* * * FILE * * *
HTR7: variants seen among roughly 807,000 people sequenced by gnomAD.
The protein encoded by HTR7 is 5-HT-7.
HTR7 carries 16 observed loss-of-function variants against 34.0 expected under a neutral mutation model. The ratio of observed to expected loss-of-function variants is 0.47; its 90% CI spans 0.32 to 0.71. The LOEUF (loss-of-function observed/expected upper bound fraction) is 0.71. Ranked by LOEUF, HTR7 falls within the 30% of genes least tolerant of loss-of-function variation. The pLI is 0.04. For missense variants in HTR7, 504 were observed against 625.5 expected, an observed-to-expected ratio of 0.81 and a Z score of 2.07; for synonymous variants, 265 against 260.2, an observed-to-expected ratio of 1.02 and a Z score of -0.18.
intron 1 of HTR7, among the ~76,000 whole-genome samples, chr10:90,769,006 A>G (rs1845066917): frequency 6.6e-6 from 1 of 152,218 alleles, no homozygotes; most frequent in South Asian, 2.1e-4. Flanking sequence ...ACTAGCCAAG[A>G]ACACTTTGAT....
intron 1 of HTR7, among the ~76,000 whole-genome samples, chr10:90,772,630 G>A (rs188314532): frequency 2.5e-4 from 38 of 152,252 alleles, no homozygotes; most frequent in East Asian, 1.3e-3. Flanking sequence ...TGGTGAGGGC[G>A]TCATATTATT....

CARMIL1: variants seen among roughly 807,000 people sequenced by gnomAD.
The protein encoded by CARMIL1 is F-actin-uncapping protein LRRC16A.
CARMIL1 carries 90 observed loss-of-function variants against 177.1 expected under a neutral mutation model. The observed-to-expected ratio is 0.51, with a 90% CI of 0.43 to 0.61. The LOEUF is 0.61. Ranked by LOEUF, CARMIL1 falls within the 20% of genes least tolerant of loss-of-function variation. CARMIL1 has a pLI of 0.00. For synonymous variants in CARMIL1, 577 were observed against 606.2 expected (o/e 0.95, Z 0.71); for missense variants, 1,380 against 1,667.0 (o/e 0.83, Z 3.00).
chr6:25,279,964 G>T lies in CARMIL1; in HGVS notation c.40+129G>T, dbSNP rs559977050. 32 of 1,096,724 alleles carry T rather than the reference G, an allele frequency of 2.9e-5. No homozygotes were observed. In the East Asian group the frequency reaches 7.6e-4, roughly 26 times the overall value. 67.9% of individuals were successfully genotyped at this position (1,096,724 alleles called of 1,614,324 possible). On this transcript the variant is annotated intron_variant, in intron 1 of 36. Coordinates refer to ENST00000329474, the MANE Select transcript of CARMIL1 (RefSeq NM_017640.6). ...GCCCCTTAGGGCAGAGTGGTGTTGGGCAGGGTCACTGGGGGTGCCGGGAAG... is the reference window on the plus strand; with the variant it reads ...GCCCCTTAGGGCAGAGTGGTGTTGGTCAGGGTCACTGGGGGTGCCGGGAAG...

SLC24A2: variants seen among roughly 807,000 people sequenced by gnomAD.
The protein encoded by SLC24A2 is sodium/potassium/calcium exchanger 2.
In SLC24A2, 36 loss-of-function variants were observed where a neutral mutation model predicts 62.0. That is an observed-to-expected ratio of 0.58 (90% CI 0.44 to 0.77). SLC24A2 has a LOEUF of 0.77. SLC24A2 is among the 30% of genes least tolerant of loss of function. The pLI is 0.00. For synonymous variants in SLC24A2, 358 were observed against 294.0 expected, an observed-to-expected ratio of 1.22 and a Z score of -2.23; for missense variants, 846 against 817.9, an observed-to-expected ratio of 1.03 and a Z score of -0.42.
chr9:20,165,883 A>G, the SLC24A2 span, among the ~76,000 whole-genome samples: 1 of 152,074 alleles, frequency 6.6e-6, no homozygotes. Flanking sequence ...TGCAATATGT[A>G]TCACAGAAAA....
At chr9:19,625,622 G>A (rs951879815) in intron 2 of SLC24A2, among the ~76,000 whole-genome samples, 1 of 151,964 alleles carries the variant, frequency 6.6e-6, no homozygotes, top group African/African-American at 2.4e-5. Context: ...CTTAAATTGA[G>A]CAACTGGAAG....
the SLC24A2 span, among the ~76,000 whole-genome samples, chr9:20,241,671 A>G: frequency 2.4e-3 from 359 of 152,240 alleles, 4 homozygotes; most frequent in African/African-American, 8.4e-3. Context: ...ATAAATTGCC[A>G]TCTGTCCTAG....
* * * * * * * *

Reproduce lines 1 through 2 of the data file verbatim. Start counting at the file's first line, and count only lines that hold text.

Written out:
HTR7: variants seen among roughly 807,000 people sequenced by gnomAD.
The protein encoded by HTR7 is 5-HT-7.